1. Cormac, the entire UNMAP at the datastore level is a temporary hack, VMware should implement full sparse_SE functionality at the VM vdisk level like you are doing for Horizon VIEW and Linked clones, this would make the UNMAP at the datastore level completely redundant and the fact that competitive products are offering this do not help our joint customers, the problem has been there for ages and in this era, when the world is moving to All Flash Arrays, every unused block is a lost for our customers.

    • I think your missing some scenarios Itzik. Consider the deletion of a VM on a datastore. How does in guest unmapping help you to reclaim that dead space. Consider a vMotion operation. How do you reclaim the stranded space via in-guest unmapping when the VM has been moved to another datastore?

      Those points aside, we do understand that there is a requirement for this feature. We do have a fling that helps in certain OS – There are also 3rd party products which do it –

      However, I’ve already fed our twitter conversation back to our storage PMs. We realize that automatic UNMAP at the volume level, and guest OS level reclaims are items customers and partners desperately want.

  2. Thanks Cormac,

    few points, i’m fully aware of UNMAP at the datastore level, however, this is a fairly easy thing to do compared with the un-guest, we are talking about maybe 100 volumes Vs thousands of VM’s (or maybe even more), plus there is the more common case of filed that are deleted within the vm’s (happens every day all the time) Vs deleting VM’s from the datastores..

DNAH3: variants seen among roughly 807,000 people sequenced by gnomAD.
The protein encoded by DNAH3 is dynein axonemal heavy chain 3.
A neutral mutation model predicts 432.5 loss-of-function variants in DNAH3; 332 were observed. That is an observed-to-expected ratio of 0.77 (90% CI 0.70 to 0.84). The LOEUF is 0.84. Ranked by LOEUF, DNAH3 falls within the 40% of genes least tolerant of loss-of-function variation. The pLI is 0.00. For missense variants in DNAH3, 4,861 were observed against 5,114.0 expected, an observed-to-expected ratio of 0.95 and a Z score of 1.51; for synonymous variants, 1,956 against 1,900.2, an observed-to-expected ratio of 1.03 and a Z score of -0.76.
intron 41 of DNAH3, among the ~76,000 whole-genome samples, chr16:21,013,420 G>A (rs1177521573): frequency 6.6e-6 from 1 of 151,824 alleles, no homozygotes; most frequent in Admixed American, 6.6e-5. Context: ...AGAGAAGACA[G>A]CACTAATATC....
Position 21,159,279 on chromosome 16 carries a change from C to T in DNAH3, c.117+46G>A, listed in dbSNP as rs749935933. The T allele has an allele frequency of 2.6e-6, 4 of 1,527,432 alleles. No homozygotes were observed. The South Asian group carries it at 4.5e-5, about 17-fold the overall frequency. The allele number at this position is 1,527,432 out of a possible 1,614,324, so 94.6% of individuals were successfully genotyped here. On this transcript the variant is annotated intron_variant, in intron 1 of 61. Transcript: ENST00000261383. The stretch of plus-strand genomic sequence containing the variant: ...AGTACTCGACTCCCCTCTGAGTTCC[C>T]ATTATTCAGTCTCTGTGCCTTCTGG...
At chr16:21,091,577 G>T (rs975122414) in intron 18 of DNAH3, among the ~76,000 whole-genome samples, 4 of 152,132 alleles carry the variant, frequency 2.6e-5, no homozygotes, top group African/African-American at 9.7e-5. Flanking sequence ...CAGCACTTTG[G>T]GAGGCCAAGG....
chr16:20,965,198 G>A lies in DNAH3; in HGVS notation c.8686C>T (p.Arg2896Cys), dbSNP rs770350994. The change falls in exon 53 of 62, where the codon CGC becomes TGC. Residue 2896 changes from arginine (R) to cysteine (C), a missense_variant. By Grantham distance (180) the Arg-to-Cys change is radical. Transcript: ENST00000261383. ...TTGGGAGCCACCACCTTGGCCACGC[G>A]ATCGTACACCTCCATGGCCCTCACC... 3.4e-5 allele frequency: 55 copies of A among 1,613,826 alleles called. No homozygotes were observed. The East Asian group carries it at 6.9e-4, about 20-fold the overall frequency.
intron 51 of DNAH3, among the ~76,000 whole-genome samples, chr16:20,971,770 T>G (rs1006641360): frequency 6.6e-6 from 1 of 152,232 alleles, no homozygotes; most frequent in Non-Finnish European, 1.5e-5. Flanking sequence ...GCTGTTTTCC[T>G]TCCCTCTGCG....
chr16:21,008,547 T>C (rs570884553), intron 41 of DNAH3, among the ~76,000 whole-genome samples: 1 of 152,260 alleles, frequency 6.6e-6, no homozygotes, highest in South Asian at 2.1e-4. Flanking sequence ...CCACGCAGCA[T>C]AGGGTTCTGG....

i’m already recommending RAXCO PS to our customers and in fact, even wrote a blog post about it here but some customers are not comfortable with paying for something that should / is given for free.

    thanks again for passing on the feedback to your PM!

  3. Hi Cormac, was this in relation to the (rather long) discussion on the Linkedin HP storage group?

    I am seeing latency issues while UNMAP is running, and it might make sense if you are indeed seeing a highly fragmentet datastore, but I doubt that is the underlying issue.
    As you know VMFS tries to awoid that, and on normal operations should not be that fragmented.

    Again and again I am seeing storage system cringe once we run merely a couple of parellell VAAI operations. I feel this has become a checkbox feature that are not properly implemented for a significant number of storage systems.
    Perhaps partner engineering should consider to broaden the certification criteria to trigger more of these cases?

    BTW: Is the default 100 for vmkfstools under vSphere 5.1?

  4. Pingback: DataCore’s SANsymphony-V Part 6 – Thin Provisioning & Space Reclamation |

  5. A while I ran SCSI UNMAP in some lab tests across a half dozen different arrays and the results where shockingly bad. The vSphere 5.0 UNMAP fiasco that demonstrated that outside of maybe HDS (Hu made some cryptic comment in blo posts about UNMAP being a challenge) no one is doing serious performance testing as part of validation of storage features.

    While VMware is generally pretty good at validating things the recent issue with the H310 being a recommended VSAN controller reminded me that the hardware partners can’t be trusted to do their own performance validations and for the sake of our customers we have to do our own.

  6. can somebody here please explain me what the differences are in behaviors between the solution used in vSphere 5.0 U3 and the later enhancements introduced with ESXi 5.1 (esxcli storage vmfs unmap)???
    We are running VMware ESXi 5.0 U3 Hosts that connect to 3PAR F400 Arrays where I repeatedly have to use the “vmkstools -y” option introduced with vSphere 5.0 Update1 to reclaim dead space on the Virtual Volumes and I am still trying to understand what it exactly does to be able to asses the performance implications on our ESXi Hosts as well as on the 3PAR F400 Storage Arrays.
    I took part of the Linked in discussion referenced here by Bjorn Anders,

    but I am still nowhere close to fully understanding the process.